We regarded UNSOLVED MYSTERIES as a "mystery" show, not a "true crime" show. When choosing cases, we've always looked for diversity in races, ages, locations and eras. We've covered such classic mysteries as Bigfoot, and high-profile, historic crimes ranging from the Black Dahlia murder to the Kennedy assassinations.

CMP is proud that UNSOLVED MYSTERIES was the first television series to ask viewers to help solve actual mysteries — and the concept worked. At the end of each episode, we had a 1-800 number for viewers to call with tips. On the night of a broadcast, 30-40 operators were ready to take calls at our phone center, and law enforcement was usually onhand to vet leads when the phones lit up. Whenever a cluster of calls originated from a single region, that was a good sign that the case would be solved. Sometimes police even made an arrest the same night as the broadcast. One fugitive captured as the result of the series actually exclaimed, "UNSOLVED MYSTERIES! That's my favorite show," as he was led away in handcuffs.

We've seen how unanswered questions can haunt families and detectives for decades. People reach out to us because they appreciate the life-changing power of our show, and trust that we will present each case's facts in an honest, balanced way. Thus far, UNSOLVED MYSTERIES has helped solve over 260 cases. Just this spring, our thorough research and record-keeping aided in solving a 30-year old case. It's gratifying to know we've had an impact on people's lives.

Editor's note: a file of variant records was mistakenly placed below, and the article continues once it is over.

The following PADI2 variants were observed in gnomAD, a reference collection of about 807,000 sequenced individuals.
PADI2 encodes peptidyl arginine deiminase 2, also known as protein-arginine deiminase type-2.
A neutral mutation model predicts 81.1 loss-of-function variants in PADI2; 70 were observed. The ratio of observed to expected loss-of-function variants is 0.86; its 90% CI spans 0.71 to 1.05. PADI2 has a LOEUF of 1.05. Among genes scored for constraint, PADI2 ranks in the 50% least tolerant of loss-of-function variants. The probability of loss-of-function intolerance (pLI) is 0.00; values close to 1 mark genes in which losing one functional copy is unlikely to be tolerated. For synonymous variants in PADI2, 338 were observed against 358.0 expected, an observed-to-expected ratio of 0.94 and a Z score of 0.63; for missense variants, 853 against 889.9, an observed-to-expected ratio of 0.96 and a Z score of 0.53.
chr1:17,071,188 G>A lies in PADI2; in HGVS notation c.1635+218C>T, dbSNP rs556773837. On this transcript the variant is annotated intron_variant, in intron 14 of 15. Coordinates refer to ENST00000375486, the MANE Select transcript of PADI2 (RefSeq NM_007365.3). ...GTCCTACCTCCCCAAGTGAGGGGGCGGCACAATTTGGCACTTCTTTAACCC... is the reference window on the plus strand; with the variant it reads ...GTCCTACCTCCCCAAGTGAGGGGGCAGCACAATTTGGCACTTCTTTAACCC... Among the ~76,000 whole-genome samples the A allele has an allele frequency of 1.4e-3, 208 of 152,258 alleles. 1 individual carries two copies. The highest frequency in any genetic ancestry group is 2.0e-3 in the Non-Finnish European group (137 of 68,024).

The cross-generational fan base for UNSOLVED MYSTERIES is amazing. We'll hear from viewers —​ ​now in their 20s and 30s ​—​ who say, "I used to sneak episodes behind my parents' backs when I was young." Everyone seems to have a favorite segment that totally freaked them out. We've learned that audiences like to be scared, and real stories scare people.

21 Laps Entertainment has been a great partner in our new venture, and we're thrilled to have UNSOLVED MYSTERIES streaming in millions of homes on Netflix. UNSOLVED MYSTERIES will now be more interactive than ever. Members can press pause to study a photo or document. They can rewind and revisit case details at any time —​ options that weren't available to our early followers.

When an episode concludes, anyone with relevant information is directed to and, if applicable, a law enforcement agency. We've staffed up to ensure that leads are quickly passed to the appropriate parties. We know our loyal audience will miss host Robert Stack (1919 –2003) as much as we do, but we hope mystery lovers old and new will embrace this next chapter, knowing that no one could fill Bob's shoes."

Unsolved Mysteries premieres on Netflix on July 1st.